Reel and Meal is a monthly film series at the New Deal Cafe exploring vital environmental, animal rights, and social justice issues. Admission to the film is always free. The series is organized by the Beaverdam Creek Watershed Watch Group, Green Vegan Networking and the Prince George’s County Peace and Justice Coalition and sponsored by several Greenbelt community organizations. Contributions are gladly accepted to cover each month's donation to a non-profit organization.
Date: Third Monday of every month
Time: Chef Rich Graystone will offer a delicious vegan meal for $14 at 6:30pm. The free film starts at 7pm.
Location: New Deal Cafe - 113 Centerway in historic Greenbelt, MD
Public transportation: The cafe is accessible by Metro Buses G12, 13, 14 and 16 from the Greenbelt Metro station.
In honor of Martin Luther King Day, January's film is Sisters of Selma. Kathy Boylan of the activist Dorothy Day Catholic Worker House in DC will speak and lead a discussion after the film. This month's program is sponsored by the Baha'i Community of Greenbelt in conjunction with Green Vegan Networking.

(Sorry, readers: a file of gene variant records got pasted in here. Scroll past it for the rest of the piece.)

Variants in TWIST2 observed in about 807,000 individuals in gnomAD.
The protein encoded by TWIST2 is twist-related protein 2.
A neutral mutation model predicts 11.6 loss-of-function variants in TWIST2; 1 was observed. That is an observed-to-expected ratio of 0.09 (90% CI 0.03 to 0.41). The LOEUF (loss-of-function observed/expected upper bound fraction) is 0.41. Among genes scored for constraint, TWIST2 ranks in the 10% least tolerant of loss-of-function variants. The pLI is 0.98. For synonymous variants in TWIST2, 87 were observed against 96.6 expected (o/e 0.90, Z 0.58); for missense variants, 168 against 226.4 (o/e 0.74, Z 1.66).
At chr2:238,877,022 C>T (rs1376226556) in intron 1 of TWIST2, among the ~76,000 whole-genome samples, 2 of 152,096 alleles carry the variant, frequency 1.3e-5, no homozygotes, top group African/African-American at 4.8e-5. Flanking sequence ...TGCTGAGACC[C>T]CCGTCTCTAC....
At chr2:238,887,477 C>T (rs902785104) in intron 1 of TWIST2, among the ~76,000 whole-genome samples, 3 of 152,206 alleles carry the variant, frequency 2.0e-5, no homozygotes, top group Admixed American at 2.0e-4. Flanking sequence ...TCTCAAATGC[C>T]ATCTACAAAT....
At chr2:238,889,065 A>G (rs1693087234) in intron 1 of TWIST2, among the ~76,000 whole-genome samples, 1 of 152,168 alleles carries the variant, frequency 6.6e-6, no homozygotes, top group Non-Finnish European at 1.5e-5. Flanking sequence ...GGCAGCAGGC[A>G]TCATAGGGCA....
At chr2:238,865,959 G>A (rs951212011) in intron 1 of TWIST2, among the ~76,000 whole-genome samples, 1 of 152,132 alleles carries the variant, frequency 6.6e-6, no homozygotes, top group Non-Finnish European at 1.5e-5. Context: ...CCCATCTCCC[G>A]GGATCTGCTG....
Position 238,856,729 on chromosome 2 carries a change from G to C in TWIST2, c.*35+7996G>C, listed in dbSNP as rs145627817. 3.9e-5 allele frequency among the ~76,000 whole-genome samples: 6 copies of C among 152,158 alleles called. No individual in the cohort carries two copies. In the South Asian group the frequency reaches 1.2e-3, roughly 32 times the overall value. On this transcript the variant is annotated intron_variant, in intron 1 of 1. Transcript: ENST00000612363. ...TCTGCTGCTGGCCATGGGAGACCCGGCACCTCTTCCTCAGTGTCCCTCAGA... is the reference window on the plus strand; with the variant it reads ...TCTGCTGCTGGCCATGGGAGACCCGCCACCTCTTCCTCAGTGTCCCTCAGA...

In 1965, a diverse alliance of dedicated activists came together in Selma, Alabama to protest the denial of voter registration to African Americans. Among the first to join the effort was a group of Catholic nuns. Sisters of Selma chronicles the groundbreaking actions of these activist women, told through 2003 interviews. A powerful, affirming new story of faith and justice emerges.
The 2014 film Selma brought back to national awareness the memory of the nonviolent protests, and the violent official reaction that brought federal support for the culminating March to Montgomery. Soon after, the Voting Rights Act was signed into law by President Lyndon Johnson. Sisters of Selma tells the story of an unforeseen group of brave women drawn to support the cause of justice in Selma.
The Catholic Church owes much of its record of social activism to its vowed women, for whom service is the highest calling. In fact, most orders of nuns were founded for social service. It is not surprising, then, that in 1965 the sisters came to the city of Selma, Alabama, to help African-American citizens of the South fighting for their civil rights. A new generation of African Americans was challenging the status quo of the Deep South of the '60s. These nuns of the Catholic Church joined the civil rights struggle, and in so doing, the Church and the sisters were themselves transformed.